Electron and proton transfer reactions are widespread in chemistry and biology. Proteins involved in key biological processes such as photosynthesis, cell respiration and nitrogen fixation perform multiple electron and proton transfer reactions that are often coupled to hydration/dehydration events and conformational transitions. Understanding such processes is central to the development of novel sustainable energy-generating devices and chemical compounds that can be used to treat diseases caused by protein dysfunction. However, due to difficulties in obtaining dynamical data from structural biology approaches, time-resolved spectroscopy, electrochemical studies and multiscale computations such as molecular dynamics simulations and quantum chemistry are the methods of choice. Computational approaches when combined with biochemical/biophysical experiments allow us to achieve an unparalleled view at high spatial and temporal resolutions and delve deeply into the mechanism of enzymes. In this Research Topic, we will cover the latest developments in the field of redox-coupled proton pumping studied with experimental and/or computational approaches, including new methodological developments and improvements.

Even though reactions involving a single electron and/or a proton are simple, it is extremely challenging to study these at an atomistic level. This is due to the very large number of degrees of freedom and complexity of surroundings that involves very diverse molecules such as lipids, proteins, water and ions. Central questions include: how are long-ranged electron-proton coupling achieved in bioenergetic enzymes with high thermodynamic and kinetic efficiency? What are those microscopic gates and valves that prevent unwanted reactions to occur? Structural approaches such as cryo EM and time-resolved spectroscopic experiments are the methods of choice to study such aspects, combined with multiscale computer simulations utilizing high-performance supercomputing platforms. Such interdisciplinary approaches are key to understand the biological energy transduction and its role in human health, as well as bacteria and other bioenergetics systems.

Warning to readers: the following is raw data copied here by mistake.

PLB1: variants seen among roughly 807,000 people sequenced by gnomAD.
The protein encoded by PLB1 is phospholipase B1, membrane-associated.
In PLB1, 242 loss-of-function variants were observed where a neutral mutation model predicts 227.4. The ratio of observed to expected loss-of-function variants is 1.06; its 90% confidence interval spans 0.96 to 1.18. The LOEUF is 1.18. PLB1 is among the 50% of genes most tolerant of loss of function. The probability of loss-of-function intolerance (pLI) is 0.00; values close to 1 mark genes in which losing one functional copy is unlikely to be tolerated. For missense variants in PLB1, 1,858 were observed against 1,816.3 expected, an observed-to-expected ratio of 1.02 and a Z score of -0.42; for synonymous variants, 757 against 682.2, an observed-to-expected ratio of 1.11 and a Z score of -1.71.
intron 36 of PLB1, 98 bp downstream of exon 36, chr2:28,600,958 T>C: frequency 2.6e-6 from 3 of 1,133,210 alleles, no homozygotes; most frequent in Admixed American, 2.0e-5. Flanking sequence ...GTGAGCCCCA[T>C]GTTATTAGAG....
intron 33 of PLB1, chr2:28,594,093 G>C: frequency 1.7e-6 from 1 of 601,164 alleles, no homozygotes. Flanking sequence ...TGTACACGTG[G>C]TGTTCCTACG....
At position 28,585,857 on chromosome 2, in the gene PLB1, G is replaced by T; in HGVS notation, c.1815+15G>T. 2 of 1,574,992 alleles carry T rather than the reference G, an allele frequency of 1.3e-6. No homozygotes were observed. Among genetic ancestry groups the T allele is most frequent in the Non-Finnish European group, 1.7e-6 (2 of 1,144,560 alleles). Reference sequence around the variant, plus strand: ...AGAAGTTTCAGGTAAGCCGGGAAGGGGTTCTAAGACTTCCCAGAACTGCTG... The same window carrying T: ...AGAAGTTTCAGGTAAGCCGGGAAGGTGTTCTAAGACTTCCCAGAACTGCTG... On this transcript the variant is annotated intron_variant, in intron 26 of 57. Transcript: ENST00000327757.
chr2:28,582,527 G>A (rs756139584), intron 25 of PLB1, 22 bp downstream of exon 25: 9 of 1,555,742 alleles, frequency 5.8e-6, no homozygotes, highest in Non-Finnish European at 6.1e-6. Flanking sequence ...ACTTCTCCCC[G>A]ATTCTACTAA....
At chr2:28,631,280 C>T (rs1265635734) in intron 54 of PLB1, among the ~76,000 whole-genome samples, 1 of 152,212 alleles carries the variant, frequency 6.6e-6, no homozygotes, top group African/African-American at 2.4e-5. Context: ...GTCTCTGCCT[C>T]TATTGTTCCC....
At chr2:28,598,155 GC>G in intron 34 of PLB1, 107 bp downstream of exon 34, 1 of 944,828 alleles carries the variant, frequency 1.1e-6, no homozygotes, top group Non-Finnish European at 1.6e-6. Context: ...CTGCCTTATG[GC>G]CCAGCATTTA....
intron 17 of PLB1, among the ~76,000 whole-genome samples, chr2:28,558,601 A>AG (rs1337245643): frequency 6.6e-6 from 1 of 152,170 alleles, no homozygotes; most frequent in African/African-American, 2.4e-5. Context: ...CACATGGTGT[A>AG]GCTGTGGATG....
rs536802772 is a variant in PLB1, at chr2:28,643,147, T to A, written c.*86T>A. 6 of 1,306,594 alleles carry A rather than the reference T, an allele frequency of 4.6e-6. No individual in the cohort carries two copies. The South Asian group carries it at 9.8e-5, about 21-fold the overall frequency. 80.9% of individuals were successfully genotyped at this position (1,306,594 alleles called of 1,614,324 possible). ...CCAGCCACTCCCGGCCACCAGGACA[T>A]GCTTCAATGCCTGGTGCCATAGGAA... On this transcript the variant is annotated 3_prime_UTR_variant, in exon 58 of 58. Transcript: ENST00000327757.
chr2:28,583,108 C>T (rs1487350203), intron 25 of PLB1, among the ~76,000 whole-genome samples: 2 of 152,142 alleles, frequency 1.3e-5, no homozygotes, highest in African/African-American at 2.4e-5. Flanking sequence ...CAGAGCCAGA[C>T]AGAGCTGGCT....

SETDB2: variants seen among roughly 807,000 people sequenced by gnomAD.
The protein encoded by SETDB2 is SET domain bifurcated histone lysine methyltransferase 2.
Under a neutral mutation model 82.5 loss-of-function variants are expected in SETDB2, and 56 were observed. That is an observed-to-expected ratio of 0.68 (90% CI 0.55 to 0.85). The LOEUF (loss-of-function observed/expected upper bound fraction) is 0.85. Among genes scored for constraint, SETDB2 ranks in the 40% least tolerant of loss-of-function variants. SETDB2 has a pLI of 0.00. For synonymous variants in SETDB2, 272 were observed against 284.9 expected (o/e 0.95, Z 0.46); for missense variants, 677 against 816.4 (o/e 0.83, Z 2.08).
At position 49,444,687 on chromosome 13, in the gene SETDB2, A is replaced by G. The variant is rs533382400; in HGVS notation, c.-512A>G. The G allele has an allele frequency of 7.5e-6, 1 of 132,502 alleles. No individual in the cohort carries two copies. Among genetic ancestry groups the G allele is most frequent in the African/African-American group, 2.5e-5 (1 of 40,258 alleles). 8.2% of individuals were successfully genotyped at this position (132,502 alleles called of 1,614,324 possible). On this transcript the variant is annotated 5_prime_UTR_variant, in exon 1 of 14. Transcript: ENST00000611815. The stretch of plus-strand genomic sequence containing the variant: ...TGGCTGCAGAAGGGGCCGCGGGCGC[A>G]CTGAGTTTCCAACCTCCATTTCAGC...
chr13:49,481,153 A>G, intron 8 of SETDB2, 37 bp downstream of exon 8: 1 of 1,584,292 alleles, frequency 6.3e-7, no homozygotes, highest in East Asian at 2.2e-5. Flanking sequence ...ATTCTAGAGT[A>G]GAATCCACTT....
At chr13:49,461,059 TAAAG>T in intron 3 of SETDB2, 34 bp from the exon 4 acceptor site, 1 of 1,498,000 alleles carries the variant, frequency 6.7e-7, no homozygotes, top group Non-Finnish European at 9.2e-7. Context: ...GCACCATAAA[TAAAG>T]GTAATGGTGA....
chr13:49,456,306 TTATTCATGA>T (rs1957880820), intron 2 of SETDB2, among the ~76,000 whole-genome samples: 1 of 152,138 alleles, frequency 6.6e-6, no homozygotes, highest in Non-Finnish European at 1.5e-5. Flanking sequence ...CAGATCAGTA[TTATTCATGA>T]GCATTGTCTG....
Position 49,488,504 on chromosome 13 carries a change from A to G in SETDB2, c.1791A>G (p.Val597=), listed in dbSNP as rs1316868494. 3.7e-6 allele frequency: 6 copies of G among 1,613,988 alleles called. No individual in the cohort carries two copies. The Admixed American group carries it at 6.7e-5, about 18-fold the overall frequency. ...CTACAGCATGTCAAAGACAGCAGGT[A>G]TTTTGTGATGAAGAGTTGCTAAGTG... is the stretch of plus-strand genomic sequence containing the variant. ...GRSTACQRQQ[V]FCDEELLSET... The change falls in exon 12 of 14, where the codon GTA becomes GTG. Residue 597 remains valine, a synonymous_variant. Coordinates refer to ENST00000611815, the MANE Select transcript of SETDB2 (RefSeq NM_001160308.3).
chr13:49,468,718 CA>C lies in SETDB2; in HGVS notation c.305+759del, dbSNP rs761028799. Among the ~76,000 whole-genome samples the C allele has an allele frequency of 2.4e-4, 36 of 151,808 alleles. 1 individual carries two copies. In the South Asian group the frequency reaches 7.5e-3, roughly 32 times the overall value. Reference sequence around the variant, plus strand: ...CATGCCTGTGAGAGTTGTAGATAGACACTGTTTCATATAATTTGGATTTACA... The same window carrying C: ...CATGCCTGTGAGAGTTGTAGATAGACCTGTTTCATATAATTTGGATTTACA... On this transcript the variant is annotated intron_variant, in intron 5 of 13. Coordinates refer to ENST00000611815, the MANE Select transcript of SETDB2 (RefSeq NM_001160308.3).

Reviews and Original Research articles are welcome on the topics mentioned below:

 • Theory, modeling and experiments of proton-coupled electron transfer (PCET) events, in chemistry and biology
 • Modeling and simulations of enzymes catalyzing electron and proton transfer
 • Long-ranged proton transfer and role of hydration and conformational dynamics
 • Novel multiscale computational approaches (incl. machine learning and molecular kinetics)
 • Novel experimental approaches (incl. high resolution and surface enhanced spectroscopies)


Keywords: proton pumping, PCET, multiscale modelling, computer simulations, kinetic experiments


Important Note: All contributions to this Research Topic must be within the scope of the section and journal to which they are submitted, as defined in their mission statements. Frontiers reserves the right to guide an out-of-scope manuscript to a more suitable section or journal at any stage of peer review.

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Submission Deadlines

19 June 2020 Abstract
18 December 2020 Manuscript

Participating Journals

Manuscripts can be submitted to this Research Topic via the following journals:

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Topic Editors

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Submission Deadlines

19 June 2020 Abstract
18 December 2020 Manuscript

Participating Journals

Manuscripts can be submitted to this Research Topic via the following journals: